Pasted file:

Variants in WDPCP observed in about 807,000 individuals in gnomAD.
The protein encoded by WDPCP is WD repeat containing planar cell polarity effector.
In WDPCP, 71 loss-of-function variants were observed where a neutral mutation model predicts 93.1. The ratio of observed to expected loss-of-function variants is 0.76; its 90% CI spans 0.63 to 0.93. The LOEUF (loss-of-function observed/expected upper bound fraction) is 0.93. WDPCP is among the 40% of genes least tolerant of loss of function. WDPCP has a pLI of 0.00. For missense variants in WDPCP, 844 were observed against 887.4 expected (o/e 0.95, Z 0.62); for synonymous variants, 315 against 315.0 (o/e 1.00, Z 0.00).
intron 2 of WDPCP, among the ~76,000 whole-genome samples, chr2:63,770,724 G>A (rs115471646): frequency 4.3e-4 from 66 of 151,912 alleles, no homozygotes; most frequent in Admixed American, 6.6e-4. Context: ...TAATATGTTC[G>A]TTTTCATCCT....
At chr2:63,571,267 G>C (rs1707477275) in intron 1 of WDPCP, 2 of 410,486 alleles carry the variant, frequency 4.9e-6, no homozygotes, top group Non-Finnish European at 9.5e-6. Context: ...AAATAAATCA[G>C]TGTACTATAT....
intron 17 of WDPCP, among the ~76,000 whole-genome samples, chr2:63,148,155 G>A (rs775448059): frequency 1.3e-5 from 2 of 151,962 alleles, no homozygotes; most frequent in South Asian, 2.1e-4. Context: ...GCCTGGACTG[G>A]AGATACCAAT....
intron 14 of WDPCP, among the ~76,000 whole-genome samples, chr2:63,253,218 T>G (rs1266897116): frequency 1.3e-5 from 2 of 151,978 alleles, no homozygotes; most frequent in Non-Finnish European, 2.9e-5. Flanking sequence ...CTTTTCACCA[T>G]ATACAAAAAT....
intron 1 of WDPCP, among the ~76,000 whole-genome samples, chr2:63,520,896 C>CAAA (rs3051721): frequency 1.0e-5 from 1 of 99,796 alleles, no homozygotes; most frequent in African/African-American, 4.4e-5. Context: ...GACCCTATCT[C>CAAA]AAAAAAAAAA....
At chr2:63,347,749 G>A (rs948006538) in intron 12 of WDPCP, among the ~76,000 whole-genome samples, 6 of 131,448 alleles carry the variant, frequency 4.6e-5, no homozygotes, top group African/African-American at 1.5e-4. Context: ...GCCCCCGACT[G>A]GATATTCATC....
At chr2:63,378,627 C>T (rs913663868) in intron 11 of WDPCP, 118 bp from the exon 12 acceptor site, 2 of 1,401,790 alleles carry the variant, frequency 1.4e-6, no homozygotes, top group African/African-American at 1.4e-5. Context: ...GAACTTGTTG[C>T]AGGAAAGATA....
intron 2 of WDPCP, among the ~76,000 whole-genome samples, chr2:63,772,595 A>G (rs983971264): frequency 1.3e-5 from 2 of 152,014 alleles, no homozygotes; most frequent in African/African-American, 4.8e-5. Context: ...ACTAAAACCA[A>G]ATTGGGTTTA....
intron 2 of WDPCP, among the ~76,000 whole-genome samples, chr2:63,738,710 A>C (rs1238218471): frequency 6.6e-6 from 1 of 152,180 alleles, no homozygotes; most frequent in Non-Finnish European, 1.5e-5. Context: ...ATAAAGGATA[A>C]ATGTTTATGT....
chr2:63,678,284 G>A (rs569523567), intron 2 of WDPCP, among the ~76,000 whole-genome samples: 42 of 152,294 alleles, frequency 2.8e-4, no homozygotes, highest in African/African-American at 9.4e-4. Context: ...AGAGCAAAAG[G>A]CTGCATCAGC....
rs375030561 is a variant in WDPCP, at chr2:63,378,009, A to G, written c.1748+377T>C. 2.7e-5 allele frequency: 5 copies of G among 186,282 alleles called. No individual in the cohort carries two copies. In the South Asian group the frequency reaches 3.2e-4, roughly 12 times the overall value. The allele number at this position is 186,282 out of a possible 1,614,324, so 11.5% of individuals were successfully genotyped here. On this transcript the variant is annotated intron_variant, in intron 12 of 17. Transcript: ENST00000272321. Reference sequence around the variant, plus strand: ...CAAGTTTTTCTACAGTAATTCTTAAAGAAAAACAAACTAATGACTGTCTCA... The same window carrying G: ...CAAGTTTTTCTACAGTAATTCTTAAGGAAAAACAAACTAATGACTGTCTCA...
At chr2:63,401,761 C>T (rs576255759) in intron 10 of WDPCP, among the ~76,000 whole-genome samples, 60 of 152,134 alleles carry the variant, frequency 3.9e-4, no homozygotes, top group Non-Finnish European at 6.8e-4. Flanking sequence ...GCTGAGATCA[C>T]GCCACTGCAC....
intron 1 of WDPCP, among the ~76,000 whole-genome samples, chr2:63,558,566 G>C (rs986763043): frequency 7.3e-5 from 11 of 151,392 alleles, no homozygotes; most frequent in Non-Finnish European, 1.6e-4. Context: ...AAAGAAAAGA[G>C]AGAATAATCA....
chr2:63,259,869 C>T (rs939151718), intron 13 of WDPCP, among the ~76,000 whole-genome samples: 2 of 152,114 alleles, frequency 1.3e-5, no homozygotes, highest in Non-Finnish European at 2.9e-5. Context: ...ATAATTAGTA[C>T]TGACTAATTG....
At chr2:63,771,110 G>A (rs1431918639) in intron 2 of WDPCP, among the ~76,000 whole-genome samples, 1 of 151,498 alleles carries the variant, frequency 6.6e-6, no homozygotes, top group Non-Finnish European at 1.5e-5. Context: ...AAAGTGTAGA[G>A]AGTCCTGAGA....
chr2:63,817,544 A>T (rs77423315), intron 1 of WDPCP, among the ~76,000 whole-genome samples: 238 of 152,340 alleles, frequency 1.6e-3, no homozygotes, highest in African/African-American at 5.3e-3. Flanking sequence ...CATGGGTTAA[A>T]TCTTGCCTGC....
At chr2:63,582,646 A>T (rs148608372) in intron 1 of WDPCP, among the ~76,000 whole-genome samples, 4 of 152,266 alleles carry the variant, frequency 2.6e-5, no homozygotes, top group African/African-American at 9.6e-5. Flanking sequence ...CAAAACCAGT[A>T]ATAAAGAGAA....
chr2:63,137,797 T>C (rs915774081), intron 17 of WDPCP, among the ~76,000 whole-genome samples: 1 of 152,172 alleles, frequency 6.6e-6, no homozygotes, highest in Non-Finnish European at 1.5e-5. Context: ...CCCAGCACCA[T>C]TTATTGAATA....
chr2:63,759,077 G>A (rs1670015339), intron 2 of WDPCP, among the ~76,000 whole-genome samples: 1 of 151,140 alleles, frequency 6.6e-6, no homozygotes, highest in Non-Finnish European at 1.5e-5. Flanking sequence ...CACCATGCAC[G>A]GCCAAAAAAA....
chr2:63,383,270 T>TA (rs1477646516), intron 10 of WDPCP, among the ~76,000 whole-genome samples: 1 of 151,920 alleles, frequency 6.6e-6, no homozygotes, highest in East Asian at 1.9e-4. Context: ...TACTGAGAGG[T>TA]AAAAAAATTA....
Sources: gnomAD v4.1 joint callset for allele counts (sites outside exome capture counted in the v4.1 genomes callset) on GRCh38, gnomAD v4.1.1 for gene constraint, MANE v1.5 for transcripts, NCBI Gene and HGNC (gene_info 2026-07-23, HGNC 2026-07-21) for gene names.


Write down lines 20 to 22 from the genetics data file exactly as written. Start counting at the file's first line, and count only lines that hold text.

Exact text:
At chr2:63,582,646 A>T (rs148608372) in intron 1 of WDPCP, among the ~76,000 whole-genome samples, 4 of 152,266 alleles carry the variant, frequency 2.6e-5, no homozygotes, top group African/African-American at 9.6e-5. Flanking sequence ...CAAAACCAGT[A>T]ATAAAGAGAA....
chr2:63,137,797 T>C (rs915774081), intron 17 of WDPCP, among the ~76,000 whole-genome samples: 1 of 152,172 alleles, frequency 6.6e-6, no homozygotes, highest in Non-Finnish European at 1.5e-5. Context: ...CCCAGCACCA[T>C]TTATTGAATA....
chr2:63,759,077 G>A (rs1670015339), intron 2 of WDPCP, among the ~76,000 whole-genome samples: 1 of 151,140 alleles, frequency 6.6e-6, no homozygotes, highest in Non-Finnish European at 1.5e-5. Flanking sequence ...CACCATGCAC[G>A]GCCAAAAAAA....